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Insulation (venting) questions

code4fun | Posted in General Questions on

Southern Arizona (Zone 2-3); aiming for a modest R30.  HVAC ducts are on the attic floor, but nothing else is.

So I bought a 1970s house without attic access, and I can’t say I recommend it.  When we finally opened up access, we found a lovely layer of black on much of the OSB, beams, and rafters.  Some of the OSB had been replaced, and the R19 FG batts that had once been shoved between the rafters were all over the attic floor–mostly in ineffective piles.

I now have two issues I need to deal with.  First, we need to insulate a vaulted ceiling in the master bathroom, outlined in blue in the diagram I’ve attached (hopefully).  Some of this room (about 3 rafter bays worth) has soffit vents, but there are no ridge vents and no gable vents.  The rafters are 2×8 (7.5″ actual), and I was considering adding 2x2s to make 9″ of space–enough for R30 Rockwool batts (7.25″) and an air gap.  Do I also need to vent the ridge?  If I were to vent the ridge, wouldn’t I need to compensate for the lack of soffit vents in most of the rafter bays?

Second, I need to do something about the remaining attic problem.  Because of the way the roof is set up (hopefully my diagram makes sense!) no vents reach the attic–no ridge vents, no gable vents, and few if any of the soffit vents make it up to the attic because almost the entire perimeter of the house is vaulted ceilings.  Is my only option closed-cell foam?  I hesitate to spray anything directly on the moldy OSB because we may want to replace a lot of it when it eventually comes time to redo the roof (which is currently only about 2 years old, so we don’t want to tear it out yet if we can help it).

Thank you for any guidance.  Researching options has been overwhelming.

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  1. Peter Yost | | #1

    HI code4fun -

    1. before doing much of anything else, it's important to figure out why you have mold in your attic. You are in a dry and warm climate so where did the moisture come from. In addition to bulk water and air leakage, you should consider household sources of moisture (mainly related to occupant number and behavior) - see:

    2. Don't worry about roof venting first; in your climate way more important to get the roof air control layer correct. Solve for that and roof venting is your backup plan for moisture management.


  2. code4fun | | #2

    Thanks. It looks like the roof was actively leaking at some point, based on the water stains on some of the OSB. There are also some minor stains on patches of ceiling drywall. I know one stain is from where they ripped a pool heater off the roof without patching the shingles (we had that fixed after inspection), and other leaks appear to have been near chimneys. The current roof looks like it was done well near the chimneys, and those stains have not gotten any worse despite heavy rain and even snow this year--so I don't think there is still an active leak from above. If I had to guess, I'd say the roof is so new because it was failing, starting to noticeably leak, and they didn't have a choice but to redo it before selling. Perhaps the gradual failure of the roof was ongoing long enough to cause a mold problem in the attic?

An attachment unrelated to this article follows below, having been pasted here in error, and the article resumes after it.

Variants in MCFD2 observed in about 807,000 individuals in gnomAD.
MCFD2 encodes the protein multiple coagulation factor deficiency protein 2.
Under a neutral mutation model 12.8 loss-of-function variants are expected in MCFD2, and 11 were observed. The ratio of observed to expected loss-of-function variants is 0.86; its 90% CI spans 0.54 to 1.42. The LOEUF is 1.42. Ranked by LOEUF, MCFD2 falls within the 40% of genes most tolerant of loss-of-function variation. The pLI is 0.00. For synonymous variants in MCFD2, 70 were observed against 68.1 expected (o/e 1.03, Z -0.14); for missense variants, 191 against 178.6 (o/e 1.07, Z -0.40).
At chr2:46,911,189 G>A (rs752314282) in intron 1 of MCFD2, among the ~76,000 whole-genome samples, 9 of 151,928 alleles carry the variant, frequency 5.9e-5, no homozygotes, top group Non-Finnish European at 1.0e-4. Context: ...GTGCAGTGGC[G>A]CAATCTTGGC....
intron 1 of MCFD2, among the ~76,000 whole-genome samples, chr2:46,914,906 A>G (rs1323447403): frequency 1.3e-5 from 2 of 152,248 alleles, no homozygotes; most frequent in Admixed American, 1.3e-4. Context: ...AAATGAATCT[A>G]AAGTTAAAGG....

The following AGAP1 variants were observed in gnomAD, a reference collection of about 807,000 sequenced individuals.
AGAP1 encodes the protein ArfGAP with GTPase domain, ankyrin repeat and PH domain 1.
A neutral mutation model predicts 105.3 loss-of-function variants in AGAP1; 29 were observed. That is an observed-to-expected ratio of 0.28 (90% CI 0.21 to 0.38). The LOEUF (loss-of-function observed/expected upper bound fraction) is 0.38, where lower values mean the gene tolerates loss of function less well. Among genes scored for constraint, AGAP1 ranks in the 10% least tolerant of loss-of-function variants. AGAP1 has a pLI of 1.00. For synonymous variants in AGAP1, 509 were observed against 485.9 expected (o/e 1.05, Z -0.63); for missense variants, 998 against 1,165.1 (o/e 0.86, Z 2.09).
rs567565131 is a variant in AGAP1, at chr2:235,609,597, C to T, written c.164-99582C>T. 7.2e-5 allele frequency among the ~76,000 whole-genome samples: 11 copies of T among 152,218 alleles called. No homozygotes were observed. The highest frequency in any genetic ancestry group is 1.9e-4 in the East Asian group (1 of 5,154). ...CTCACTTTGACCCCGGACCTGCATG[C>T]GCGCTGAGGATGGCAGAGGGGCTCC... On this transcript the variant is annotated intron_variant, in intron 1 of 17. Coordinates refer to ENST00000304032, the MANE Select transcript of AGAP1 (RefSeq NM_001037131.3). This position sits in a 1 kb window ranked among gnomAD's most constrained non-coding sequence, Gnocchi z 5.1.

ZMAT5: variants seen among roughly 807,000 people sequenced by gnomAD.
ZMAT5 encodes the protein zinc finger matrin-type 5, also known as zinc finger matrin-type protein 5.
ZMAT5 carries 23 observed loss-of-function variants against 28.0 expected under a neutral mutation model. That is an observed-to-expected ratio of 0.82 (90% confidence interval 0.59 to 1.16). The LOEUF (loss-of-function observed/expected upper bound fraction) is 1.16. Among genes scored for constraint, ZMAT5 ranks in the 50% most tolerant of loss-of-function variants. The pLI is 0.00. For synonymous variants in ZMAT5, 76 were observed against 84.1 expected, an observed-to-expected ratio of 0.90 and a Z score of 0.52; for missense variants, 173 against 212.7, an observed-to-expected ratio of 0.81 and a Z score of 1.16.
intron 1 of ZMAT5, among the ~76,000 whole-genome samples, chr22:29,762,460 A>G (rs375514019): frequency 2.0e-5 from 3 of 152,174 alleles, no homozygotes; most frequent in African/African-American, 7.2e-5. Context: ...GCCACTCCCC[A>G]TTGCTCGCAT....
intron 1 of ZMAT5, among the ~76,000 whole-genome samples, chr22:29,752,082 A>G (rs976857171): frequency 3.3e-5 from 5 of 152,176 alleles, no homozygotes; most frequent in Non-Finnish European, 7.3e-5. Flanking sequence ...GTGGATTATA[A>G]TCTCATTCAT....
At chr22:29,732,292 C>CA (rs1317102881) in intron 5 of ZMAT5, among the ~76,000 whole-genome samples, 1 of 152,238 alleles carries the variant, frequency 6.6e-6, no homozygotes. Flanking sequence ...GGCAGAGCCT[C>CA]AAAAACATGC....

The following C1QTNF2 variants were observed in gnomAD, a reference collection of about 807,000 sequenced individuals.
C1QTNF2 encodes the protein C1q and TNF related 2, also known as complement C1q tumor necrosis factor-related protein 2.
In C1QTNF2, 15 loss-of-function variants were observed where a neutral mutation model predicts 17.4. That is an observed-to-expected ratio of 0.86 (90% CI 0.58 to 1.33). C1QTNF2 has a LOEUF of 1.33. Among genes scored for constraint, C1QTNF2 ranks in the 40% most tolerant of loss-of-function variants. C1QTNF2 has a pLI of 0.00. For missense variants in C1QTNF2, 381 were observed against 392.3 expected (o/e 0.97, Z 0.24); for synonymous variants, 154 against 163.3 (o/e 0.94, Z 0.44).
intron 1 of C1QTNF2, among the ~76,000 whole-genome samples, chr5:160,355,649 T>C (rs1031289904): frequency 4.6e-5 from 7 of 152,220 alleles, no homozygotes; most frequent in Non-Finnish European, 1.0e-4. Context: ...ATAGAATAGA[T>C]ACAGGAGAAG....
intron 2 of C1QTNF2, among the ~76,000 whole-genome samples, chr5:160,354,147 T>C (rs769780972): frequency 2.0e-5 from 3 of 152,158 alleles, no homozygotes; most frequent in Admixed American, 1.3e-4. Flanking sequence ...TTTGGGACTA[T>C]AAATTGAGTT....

We bought the house from a older couple who had had it for a long time. They had a habit of leaving the heat (gas furnace) and A/C off, from what we understand, which would increase the humidity, but it's still the desert. The indoor humidity for the year we've lived here sits at about 20-30% unless it is monsoon season (50-60%). The laundry is outdoors. There are fans in the bathrooms with showers in them. The kitchen is nowhere near the attic space. The bedrooms all have their original, leaky single-pane aluminum windows from the 70s, though the rest of the house was upgraded to dual pane in the 2000s. There are no can lights (or really any lights) in the ceilings. It's all wall sconces and lamps. The exterior doors leak like crazy, and there are two chimneys.

    I'm not sure what else to check or change in terms of stopping further mold issues.

  3. code4fun | | #3

    Is it possible that the mold is due to the way the attic is built and insulated itself? This house is made up of unvented vaulted ceilings and an unvented attic, all insulated with R19 batts. Everything I read says not to use batts for unvented setups because of moisture issues. I could install a gable and ridge vent for the attic, but at this point I assume the vaulted ceilings are just going to slowly rot until we replace the roof.

  4. Peter Yost | | #4

    Hi again -

    At this point, not sure how much more I can help from a distance. I recommend that you get a BPI-certified technician to conduct airtightness testing and evaluate your home/situation. It will be money well spent.

    If you to to, they have a zip code-driven locator of auditors.


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